US Route 20, the Road Across America
It's all about the drive! Rolling hills, spectacular views, working landscapes, tranquil communities, and deep history. That's US Route 20, the longest highway in the United States stretching 3,365 miles coast to coast from Kenmore Square in Boston, Massachusetts to the junction of US 101 in Newport, Oregon. US Route 20 is also New York State's longest highway; 372 miles from the border with Massachusetts to the border of Pennsylvania.
In New York State, 108 miles of Route 20 from Duanesburg (Schenectady County) on the east to LaFayette (Onondaga County) on the west is designated as a New York State Scenic Byway because of its spectacular beauty and unique history to the westward migration of the state and the nation.
The area stretching about 30 miles either side of the Scenic Byway is considered the Scenic Byway Corridor. The corridor features even more idyllic communities, numerous specialty shops, local farm markets, and numerous community events.
Welcome to America's Main Street!
Traveling the Route 20 Scenic Byway will make it seem like the world is not racing by quite so quickly.
U. S. Route 20 began as Native American trails in the early years of America. During our nation's first century, these trails were transformed with the construction of several turnpikes to handle the burgeoning westward traffic by horse and wagon. The most famous of the turnpikes connected Albany to Cherry Valley and later was extended to Cazenovia and the Syracuse area. This roadway became known as the Cherry Valley Turnpike and soon was dotted with taverns, hotels and other amenities for travelers. In the 1860s, the Cherry Valley Turnpike became the property of New York State. State and federal programs began providing funds for road building and management assistance by the turn of the century.
With the coming of the automobile, the highway had once again taken on a new life. In 1926, the road was designated as U.S. Route 20, the longest road in the country, running coast to coast a distance of 3,365 miles.
Roadside attractions and tourist cabins provided entertainment and much-needed services to a whole new kind of traveler. One can literally track the westward migration of the state and the nation in the buildings and the landscapes found along Route 20. The quiet neighborhoods and Main Streets of its historic villages showcase Federal and Greek Revival architectural styles of the Colonial/Turnpike era, a testament to the long history of the region.
Along Route 20, travelers pass New World Dutch, English, and gambrel-roof dairy barns, the numerous drive-ins and motor courts of the 1930s-1950s, all against the backdrop of the productive fields and tranquil pastures that first brought prosperity to the region.
So let's get started: take a look around to rediscover Route 20 and the surrounding area. You will find Excursion Routes from Route 20 to numerous points of interest throughout our nine-county Scenic Byway Corridor region. While the excursions are set up for those driving west to east, we've included complete route numbers in each of the scenic tour descriptions and provided maps to allow east-to-west drivers to "reverse" the trip easily. Either way, the journey will be as much fun as the destination.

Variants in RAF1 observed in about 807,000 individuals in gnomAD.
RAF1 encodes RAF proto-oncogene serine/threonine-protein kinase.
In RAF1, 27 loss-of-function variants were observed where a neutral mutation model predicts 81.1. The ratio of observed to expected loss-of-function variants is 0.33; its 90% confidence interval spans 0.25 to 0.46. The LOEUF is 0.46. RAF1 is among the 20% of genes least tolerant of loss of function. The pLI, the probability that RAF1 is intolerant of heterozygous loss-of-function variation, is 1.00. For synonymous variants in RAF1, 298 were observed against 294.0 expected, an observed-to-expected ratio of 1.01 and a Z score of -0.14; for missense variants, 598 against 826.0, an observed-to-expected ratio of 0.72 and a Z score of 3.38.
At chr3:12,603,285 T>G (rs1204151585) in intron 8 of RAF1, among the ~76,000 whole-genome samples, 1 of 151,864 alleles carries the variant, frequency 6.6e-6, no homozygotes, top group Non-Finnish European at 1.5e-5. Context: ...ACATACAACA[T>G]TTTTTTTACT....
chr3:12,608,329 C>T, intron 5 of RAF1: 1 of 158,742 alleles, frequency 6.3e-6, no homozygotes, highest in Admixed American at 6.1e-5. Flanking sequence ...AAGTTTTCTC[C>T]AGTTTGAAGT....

Our Mission: The Route 20 Association of NYS, Inc., a regional partnership of communities, balances the promotion of local interests with the protection of scenic, agricultural, recreational, and historic resources by encouraging preservation, visitor accommodations, education and access; coordinating interpretation, promotion and signage and emphasizing the important historic transportation role of Route 20 and the resultant cultural / agricultural development so important to the westward expansion of the country.
The Route 20 Association of New York State was formed in 1999 to promote and preserve the unique and historic character of the Route 20 corridor and its many communities. It also serves as stewards of the NYS Route 20 Scenic Byway.
The Route 20 Association of New York State has awarded its 2020 mini-grant for community enhancement/development to Landis Arboretum (Town of Esperance). A check for $600 was presented by the Association’s Co-Presidents Phil Durkin and Ed Kleinke to Fred Breglia representing the Arboretum in a recent ceremony.
The funding will be used to help stock a community shelter located at the Arboretum for use in emergency situations.
This year’s grant is the second such funding awarded by the Association for community enhancement/development to municipalities or organizations acting on behalf of municipalities. Last year’s recipient was the Town of Duanesburg for a beautification project at an area known as “The Point” at the eastern entrance to the NYS Route 20 Scenic Byway.
Those interested in learning more about the grant program may contact the Association’s Administrator William Kwasniewski at 315-271-8111. Applications for the 2021 grant are due in April.
Photo: Fred Breglia (left) of Landis Arboretum receives a check from Route 20 Association Co-Presidents Phil Durkin (center) and Ed Kleinke (right).